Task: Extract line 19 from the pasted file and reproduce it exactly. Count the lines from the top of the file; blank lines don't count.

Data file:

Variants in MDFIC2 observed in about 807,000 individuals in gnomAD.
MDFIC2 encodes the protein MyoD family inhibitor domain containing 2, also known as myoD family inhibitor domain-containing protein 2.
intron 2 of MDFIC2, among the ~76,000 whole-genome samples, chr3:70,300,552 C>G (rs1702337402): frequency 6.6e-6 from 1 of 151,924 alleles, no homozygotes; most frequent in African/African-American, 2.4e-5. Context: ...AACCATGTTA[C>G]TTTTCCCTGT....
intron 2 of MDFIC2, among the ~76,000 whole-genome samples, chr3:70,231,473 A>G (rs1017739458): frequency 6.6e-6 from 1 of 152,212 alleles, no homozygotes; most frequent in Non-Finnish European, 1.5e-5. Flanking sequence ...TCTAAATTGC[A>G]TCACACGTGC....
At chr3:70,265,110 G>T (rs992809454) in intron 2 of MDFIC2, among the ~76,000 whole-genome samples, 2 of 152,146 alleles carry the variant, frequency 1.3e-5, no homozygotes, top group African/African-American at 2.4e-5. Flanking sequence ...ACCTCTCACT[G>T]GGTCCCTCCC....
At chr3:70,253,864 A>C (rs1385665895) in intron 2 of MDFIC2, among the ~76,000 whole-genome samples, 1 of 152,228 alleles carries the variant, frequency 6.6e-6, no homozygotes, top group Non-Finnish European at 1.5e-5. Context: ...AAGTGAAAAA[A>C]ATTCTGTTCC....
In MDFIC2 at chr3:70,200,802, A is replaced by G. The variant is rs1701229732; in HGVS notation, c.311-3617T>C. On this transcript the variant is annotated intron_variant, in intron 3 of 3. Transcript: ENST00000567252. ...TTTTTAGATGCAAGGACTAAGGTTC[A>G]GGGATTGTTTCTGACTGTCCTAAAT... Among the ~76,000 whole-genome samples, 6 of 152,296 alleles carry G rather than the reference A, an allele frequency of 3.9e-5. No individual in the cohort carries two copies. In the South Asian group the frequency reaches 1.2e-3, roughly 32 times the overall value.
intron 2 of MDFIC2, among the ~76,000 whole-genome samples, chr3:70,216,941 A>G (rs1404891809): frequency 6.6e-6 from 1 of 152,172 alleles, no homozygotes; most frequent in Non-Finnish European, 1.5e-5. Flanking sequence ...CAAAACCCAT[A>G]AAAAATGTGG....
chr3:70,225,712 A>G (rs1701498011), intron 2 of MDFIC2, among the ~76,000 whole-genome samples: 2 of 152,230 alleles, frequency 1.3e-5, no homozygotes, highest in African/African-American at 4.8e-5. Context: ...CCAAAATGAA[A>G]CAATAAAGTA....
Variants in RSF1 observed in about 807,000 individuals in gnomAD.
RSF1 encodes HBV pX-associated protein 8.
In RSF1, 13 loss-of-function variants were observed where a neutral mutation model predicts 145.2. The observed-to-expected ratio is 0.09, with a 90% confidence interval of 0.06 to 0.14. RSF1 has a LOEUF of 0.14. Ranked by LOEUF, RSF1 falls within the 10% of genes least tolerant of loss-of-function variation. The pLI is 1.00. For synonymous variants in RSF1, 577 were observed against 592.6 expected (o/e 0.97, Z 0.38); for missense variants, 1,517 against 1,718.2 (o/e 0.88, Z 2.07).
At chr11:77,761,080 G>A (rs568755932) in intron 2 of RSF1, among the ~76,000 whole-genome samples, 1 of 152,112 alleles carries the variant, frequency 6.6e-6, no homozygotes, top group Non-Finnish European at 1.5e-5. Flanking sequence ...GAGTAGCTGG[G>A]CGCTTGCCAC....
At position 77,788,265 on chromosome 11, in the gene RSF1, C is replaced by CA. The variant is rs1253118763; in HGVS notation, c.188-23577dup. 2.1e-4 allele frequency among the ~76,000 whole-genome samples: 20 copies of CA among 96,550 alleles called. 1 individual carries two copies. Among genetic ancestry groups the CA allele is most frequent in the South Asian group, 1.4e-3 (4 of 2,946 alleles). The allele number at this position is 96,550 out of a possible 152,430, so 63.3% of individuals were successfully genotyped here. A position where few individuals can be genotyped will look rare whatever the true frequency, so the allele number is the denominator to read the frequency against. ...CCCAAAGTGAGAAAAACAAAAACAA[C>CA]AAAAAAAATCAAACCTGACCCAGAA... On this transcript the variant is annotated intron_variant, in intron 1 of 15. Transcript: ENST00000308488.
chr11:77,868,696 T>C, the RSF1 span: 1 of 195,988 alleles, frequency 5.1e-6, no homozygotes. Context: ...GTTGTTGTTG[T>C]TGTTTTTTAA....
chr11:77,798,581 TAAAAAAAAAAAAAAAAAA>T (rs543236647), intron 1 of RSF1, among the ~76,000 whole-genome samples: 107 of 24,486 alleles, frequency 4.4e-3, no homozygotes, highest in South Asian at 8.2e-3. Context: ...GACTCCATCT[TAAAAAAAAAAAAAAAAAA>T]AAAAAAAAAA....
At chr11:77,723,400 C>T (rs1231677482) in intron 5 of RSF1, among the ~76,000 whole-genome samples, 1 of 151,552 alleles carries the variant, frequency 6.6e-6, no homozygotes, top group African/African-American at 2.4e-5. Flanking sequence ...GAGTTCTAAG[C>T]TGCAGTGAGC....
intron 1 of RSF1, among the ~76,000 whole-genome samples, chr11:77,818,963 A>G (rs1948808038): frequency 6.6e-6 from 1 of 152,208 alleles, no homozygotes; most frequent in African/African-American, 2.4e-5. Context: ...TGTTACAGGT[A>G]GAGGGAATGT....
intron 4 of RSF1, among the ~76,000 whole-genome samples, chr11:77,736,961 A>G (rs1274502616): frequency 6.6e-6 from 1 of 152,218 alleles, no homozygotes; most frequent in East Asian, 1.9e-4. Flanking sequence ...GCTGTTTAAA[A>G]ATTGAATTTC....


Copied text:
intron 4 of RSF1, among the ~76,000 whole-genome samples, chr11:77,736,961 A>G (rs1274502616): frequency 6.6e-6 from 1 of 152,218 alleles, no homozygotes; most frequent in East Asian, 1.9e-4. Flanking sequence ...GCTGTTTAAA[A>G]ATTGAATTTC....